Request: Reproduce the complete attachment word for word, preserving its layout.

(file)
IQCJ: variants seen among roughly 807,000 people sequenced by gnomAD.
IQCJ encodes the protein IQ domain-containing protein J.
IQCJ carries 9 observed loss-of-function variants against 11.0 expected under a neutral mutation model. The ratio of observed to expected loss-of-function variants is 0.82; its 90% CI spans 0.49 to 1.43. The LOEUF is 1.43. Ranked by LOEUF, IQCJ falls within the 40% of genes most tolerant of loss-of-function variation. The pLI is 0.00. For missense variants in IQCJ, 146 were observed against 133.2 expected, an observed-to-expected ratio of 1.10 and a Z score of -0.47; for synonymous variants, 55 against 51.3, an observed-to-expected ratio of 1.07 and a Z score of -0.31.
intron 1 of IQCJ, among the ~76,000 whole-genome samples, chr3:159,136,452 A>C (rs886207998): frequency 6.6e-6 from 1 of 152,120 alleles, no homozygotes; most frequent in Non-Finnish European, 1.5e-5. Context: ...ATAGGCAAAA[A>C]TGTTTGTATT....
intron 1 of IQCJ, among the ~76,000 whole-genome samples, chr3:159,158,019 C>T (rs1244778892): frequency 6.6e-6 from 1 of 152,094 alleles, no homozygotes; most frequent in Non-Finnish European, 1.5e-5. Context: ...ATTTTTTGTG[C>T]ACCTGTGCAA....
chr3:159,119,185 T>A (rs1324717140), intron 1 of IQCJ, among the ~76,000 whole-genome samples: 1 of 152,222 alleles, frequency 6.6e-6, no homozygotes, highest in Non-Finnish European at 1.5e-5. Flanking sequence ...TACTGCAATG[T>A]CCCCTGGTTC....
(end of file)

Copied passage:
IQCJ: variants seen among roughly 807,000 people sequenced by gnomAD.
IQCJ encodes the protein IQ domain-containing protein J.
IQCJ carries 9 observed loss-of-function variants against 11.0 expected under a neutral mutation model. The ratio of observed to expected loss-of-function variants is 0.82; its 90% CI spans 0.49 to 1.43. The LOEUF is 1.43. Ranked by LOEUF, IQCJ falls within the 40% of genes most tolerant of loss-of-function variation. The pLI is 0.00. For missense variants in IQCJ, 146 were observed against 133.2 expected, an observed-to-expected ratio of 1.10 and a Z score of -0.47; for synonymous variants, 55 against 51.3, an observed-to-expected ratio of 1.07 and a Z score of -0.31.
intron 1 of IQCJ, among the ~76,000 whole-genome samples, chr3:159,136,452 A>C (rs886207998): frequency 6.6e-6 from 1 of 152,120 alleles, no homozygotes; most frequent in Non-Finnish European, 1.5e-5. Context: ...ATAGGCAAAA[A>C]TGTTTGTATT....
intron 1 of IQCJ, among the ~76,000 whole-genome samples, chr3:159,158,019 C>T (rs1244778892): frequency 6.6e-6 from 1 of 152,094 alleles, no homozygotes; most frequent in Non-Finnish European, 1.5e-5. Context: ...ATTTTTTGTG[C>T]ACCTGTGCAA....
chr3:159,119,185 T>A (rs1324717140), intron 1 of IQCJ, among the ~76,000 whole-genome samples: 1 of 152,222 alleles, frequency 6.6e-6, no homozygotes, highest in Non-Finnish European at 1.5e-5. Flanking sequence ...TACTGCAATG[T>A]CCCCTGGTTC....